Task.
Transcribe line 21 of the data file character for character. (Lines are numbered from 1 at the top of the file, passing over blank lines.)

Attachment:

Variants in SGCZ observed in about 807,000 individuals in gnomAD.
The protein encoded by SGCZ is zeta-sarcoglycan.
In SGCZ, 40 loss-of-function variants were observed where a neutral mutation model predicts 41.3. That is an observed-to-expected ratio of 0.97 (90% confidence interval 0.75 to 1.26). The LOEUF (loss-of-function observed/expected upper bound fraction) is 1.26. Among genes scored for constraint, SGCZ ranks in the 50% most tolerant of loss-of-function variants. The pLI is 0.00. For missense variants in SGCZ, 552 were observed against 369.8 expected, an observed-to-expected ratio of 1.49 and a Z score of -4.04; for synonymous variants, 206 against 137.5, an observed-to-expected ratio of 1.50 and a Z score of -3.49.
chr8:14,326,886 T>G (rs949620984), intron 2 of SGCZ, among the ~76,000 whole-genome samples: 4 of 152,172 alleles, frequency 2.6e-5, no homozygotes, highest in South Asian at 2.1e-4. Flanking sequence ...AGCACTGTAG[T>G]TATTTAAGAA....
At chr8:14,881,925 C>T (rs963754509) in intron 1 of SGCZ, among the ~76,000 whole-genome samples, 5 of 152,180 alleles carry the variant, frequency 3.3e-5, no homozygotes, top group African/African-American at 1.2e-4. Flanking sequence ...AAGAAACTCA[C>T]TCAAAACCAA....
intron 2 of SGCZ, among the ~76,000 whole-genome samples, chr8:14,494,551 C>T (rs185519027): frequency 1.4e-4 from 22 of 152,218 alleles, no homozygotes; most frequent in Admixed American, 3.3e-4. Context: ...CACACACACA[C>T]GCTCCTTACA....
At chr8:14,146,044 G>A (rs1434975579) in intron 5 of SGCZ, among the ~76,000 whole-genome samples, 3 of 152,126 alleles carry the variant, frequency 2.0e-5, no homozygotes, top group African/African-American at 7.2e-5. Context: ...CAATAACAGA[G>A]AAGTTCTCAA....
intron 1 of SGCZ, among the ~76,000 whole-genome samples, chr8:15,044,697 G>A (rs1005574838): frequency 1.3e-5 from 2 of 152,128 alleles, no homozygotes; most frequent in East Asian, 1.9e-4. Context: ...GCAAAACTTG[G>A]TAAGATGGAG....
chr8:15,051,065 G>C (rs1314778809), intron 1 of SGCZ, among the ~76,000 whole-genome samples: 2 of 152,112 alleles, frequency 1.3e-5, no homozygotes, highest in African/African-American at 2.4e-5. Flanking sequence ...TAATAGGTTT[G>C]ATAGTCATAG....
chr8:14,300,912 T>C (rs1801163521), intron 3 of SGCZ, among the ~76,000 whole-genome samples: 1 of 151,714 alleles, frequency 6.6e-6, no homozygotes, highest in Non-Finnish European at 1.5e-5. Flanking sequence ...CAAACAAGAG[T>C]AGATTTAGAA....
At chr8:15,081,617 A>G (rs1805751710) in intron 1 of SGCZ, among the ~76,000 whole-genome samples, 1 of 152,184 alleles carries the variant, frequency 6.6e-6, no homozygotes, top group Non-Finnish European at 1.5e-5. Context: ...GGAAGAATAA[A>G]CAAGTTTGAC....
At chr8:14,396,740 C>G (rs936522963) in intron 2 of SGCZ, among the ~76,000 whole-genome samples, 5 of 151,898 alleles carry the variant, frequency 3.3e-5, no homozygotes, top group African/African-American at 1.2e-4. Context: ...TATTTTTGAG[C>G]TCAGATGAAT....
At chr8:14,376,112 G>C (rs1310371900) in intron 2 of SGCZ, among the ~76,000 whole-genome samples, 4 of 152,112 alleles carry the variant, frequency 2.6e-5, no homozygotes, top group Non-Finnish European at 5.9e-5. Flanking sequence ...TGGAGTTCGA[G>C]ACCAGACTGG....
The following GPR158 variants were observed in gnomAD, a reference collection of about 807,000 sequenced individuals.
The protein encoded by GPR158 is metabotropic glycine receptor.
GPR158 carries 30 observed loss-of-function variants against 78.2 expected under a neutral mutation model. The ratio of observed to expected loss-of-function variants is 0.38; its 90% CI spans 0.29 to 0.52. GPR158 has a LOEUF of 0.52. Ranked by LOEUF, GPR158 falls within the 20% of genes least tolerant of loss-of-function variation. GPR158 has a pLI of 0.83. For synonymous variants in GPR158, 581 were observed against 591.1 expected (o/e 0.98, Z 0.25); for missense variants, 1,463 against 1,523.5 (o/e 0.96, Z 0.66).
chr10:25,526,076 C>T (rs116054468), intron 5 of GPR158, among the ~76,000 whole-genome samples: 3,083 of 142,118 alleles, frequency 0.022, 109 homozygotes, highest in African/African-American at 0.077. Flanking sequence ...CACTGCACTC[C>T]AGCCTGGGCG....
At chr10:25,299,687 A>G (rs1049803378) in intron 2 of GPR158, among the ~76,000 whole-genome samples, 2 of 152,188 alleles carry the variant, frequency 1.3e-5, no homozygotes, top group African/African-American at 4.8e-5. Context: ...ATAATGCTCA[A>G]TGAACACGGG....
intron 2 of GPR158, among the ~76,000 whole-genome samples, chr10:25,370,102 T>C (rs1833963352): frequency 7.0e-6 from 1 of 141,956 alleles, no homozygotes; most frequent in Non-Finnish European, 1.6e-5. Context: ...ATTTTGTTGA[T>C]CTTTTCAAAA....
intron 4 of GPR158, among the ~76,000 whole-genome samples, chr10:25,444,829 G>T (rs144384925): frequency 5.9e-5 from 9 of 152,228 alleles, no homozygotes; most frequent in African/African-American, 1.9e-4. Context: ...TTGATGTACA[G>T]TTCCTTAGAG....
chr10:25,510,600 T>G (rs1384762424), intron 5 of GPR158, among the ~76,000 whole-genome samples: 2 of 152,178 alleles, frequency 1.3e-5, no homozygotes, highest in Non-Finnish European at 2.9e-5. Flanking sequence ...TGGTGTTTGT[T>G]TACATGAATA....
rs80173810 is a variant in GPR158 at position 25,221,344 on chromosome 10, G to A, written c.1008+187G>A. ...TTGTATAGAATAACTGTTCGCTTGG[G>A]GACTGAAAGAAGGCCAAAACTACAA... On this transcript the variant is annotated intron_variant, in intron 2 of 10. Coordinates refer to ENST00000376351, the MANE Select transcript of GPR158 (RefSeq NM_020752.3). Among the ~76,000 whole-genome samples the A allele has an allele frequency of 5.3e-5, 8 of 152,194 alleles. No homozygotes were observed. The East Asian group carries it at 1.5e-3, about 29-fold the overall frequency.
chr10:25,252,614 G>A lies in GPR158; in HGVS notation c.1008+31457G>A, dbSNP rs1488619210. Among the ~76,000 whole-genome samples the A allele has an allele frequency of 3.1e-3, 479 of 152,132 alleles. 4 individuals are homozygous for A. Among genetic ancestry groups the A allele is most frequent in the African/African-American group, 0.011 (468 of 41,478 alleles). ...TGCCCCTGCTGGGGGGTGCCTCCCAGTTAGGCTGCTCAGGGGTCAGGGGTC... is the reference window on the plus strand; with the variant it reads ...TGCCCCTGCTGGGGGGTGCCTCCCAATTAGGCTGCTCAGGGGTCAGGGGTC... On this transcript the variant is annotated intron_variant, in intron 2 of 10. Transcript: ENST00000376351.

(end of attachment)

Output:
chr10:25,510,600 T>G (rs1384762424), intron 5 of GPR158, among the ~76,000 whole-genome samples: 2 of 152,178 alleles, frequency 1.3e-5, no homozygotes, highest in Non-Finnish European at 2.9e-5. Flanking sequence ...TGGTGTTTGT[T>G]TACATGAATA....